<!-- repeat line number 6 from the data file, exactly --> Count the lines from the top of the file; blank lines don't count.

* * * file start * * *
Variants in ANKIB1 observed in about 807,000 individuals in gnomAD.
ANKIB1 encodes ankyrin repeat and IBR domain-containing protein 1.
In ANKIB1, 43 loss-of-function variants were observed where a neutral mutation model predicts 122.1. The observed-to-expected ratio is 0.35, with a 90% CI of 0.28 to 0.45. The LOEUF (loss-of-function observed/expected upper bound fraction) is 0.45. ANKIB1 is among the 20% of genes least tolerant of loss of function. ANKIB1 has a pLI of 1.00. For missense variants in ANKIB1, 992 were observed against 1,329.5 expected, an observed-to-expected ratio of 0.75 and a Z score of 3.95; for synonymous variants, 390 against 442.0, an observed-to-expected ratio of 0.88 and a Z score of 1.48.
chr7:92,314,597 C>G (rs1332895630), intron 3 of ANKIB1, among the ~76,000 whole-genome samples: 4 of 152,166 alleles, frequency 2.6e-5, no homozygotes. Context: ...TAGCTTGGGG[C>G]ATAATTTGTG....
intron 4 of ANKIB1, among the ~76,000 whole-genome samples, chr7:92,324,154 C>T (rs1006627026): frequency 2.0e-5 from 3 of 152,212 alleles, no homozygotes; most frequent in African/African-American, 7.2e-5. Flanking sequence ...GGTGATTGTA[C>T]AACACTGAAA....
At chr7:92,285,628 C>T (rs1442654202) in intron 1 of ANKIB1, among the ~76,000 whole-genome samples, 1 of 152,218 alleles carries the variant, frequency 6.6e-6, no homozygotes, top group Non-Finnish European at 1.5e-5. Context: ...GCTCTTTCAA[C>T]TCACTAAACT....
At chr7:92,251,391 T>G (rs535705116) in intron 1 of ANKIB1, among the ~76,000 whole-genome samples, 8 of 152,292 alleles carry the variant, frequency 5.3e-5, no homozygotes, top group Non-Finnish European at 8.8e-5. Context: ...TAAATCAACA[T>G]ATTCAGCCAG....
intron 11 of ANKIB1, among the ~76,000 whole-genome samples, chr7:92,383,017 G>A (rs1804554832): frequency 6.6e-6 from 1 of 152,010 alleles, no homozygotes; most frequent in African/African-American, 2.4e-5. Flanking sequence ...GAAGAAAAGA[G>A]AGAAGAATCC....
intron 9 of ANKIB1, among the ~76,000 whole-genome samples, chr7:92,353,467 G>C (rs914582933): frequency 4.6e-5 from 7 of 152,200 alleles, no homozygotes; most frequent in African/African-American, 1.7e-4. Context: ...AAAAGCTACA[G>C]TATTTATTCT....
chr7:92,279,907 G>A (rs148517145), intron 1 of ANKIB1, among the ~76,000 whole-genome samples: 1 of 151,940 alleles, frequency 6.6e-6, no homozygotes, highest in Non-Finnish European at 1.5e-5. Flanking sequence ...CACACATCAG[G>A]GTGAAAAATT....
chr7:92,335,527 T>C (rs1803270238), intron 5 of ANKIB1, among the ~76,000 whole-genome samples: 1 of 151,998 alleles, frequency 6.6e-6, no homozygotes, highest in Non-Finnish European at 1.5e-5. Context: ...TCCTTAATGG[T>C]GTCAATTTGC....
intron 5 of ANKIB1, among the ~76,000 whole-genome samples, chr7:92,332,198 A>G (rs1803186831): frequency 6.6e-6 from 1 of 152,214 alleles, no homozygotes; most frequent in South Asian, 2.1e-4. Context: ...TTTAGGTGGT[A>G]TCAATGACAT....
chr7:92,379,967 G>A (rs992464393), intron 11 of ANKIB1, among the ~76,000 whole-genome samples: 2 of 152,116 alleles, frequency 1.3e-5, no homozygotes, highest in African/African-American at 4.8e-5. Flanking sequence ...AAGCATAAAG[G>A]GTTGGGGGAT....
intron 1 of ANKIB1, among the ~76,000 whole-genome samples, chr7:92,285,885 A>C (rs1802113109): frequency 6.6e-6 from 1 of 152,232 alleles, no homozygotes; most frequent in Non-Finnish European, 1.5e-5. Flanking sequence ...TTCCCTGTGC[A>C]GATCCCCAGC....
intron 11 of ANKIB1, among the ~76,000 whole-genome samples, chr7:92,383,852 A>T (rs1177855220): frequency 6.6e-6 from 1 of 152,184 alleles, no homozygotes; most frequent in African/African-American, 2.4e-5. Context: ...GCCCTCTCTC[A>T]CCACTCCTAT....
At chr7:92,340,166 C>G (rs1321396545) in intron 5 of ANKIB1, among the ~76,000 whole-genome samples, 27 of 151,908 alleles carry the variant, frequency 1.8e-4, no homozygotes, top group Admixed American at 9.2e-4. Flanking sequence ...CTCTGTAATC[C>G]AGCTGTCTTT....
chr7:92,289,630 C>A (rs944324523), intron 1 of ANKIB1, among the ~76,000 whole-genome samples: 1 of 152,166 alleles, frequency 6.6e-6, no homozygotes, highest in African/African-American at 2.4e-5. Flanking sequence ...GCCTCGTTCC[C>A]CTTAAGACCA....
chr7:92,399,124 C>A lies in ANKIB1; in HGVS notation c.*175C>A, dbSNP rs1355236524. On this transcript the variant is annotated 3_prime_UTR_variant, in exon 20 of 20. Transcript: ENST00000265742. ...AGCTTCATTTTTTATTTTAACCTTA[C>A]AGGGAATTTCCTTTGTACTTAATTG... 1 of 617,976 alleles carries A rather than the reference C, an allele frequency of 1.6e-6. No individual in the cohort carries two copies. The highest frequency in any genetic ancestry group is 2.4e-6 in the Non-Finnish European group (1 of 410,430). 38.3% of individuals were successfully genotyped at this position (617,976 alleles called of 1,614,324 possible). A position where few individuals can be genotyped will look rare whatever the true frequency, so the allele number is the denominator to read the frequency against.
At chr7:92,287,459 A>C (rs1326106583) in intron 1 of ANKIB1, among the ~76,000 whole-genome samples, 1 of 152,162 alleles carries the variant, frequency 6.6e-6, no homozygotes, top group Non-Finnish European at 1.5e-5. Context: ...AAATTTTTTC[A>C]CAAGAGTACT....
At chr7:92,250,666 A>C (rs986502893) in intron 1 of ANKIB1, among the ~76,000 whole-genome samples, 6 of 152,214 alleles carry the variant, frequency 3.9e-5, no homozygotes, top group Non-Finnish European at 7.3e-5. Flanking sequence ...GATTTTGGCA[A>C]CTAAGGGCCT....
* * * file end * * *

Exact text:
At chr7:92,285,628 C>T (rs1442654202) in intron 1 of ANKIB1, among the ~76,000 whole-genome samples, 1 of 152,218 alleles carries the variant, frequency 6.6e-6, no homozygotes, top group Non-Finnish European at 1.5e-5. Context: ...GCTCTTTCAA[C>T]TCACTAAACT....